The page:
Is Airbus’ Bandit Mask On The A350 Helpful?


The Airbus A350 has been widely a considerable success since its launch. However, one of its most distinguishable features is its bandit-like mask featured around the cockpit windows. Why is that? Let’s break it down. 

One of the latest widebody aircraft that has graced the skies, The Airbus A350, has given the industry a fantastic widebody plane. It thus far has accumulated orders from customers around the globe, coming equipped with two members of the family, the A350-900 and the A350-1000.

While you could easily focus on its success or even the negatives surrounding the aircraft, like the ongoing legal battle with Qatar Airways over surface defects, one of the easiest ways to recognise the A350 at any airport worldwide is thanks to its bandit-like mask. This mask is also featured on the A350.  

Airbus’ A350 features a bandit-like mask on the cockpit windows

Well, it doesnt require too much explaining, as per coming from Airbus themselves directly, the bandit-like mask, which they describe as almost a Ray ban-like back windshield, actually eases the window’s maintenance and contributes to the harmonising of the terminal condition of such a  sensitive part of the plane.

While being described as something that improves the A350, ultimately,  it’s not been reported as something that makes a sizeable difference overall, but something that  Airbus adopted that seemingly worked and took off, if anything, the minor but significant change in the aircraft’s appearance has given the A350 a unique look, a bandit mask.

It’s not something they specifically created, but they’ve undoubtedly brought it back with a vengeance, with airlines worldwide adding bandit masks to their aircraft, from Air Canada’s updated livery to the upcoming  Northern Pacific Airways. For these airlines, the design changes are implemented on all their aircraft, as neither flies the A350.

Northern Pacific Airways livery features a bandit mask that is painted on

In these instances, they hold no benefits to say maintenance, but they have been great for PR, wow factor and overall smarts. All A350s are configured with this said design regardless of the customer. It is worth mentioning. 

Since Airbus introduced the A350 some time ago, future models that have been released have also adopted such a design, but what’s important to note is that on these aircraft, the bandit-like mask is not a design feature. Instead, it’s painted on in most of these areas and can be requested by said customer.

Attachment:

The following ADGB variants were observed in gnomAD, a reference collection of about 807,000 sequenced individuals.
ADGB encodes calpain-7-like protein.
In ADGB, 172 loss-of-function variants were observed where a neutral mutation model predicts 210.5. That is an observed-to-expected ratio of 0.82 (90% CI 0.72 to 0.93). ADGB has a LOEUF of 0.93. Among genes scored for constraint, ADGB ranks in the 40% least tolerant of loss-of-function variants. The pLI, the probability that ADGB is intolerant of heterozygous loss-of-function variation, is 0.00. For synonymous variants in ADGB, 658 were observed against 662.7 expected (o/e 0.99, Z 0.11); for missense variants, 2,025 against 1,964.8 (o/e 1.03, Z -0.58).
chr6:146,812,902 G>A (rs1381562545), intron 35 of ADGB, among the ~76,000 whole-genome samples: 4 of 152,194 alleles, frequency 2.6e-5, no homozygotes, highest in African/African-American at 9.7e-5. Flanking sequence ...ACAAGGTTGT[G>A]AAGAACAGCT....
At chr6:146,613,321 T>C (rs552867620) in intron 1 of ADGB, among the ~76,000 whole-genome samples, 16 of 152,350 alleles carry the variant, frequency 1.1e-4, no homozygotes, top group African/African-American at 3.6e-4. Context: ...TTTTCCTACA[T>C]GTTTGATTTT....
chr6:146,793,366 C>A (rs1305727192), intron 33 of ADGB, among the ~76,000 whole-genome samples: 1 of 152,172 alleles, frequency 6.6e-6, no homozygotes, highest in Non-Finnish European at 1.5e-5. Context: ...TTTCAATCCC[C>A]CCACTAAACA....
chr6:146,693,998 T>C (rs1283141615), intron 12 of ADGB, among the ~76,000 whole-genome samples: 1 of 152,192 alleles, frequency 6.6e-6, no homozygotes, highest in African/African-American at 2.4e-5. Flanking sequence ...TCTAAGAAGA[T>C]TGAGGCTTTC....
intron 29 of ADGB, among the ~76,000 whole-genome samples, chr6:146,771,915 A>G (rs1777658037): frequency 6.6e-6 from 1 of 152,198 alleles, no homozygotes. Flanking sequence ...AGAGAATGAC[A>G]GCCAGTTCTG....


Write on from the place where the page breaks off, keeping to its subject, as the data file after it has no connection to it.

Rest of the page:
So while, yes, the A350 has adopted such a design that has benefits, aside from maintenance, its a choice that makes the aircraft generally look more stylish, and that is why we’ve seen from the A330neo to some A320neos to the A321XLR and airlines adopting such a cockpit design for their liveries.  

The bandit mask oozes style in the eyes of many, and we hope you’ve enjoyed learning more about its purpose on the A350, alongside how it rapidly progressed to other airlines, aircraft and more around the world in recent years. 

Daniel Fowkes
11 Dec 2022
· Analysis 

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  1. Totally agree in respects that it looks stylish and modern, I think it is interesting that Boeing have not introduced such designs on their 777X to perhaps keep it looking as slick as the A350. In my opinion, the 777X doesn’t look too dissimilar to the 777 perhaps making it look more dated and to some extent ugly compared to the A350. As a regular passenger with no background knowledge (hypothetically), I would much rather fly on the A350/330neo than the 777/787 purely because the latter don’t look as appealing as the 350/330.

    1. Post

      It would look fantastic on the 777X – Generally, the only hope would be for carriers that have adopted the mask-like design to their liveries, such as Air Canada order such a plane. I think while the 777X doesn’t look too dissimilar, it’s a nice enough difference, with the engines and wingtips. The roundness of the 330 though certainly means many like it.

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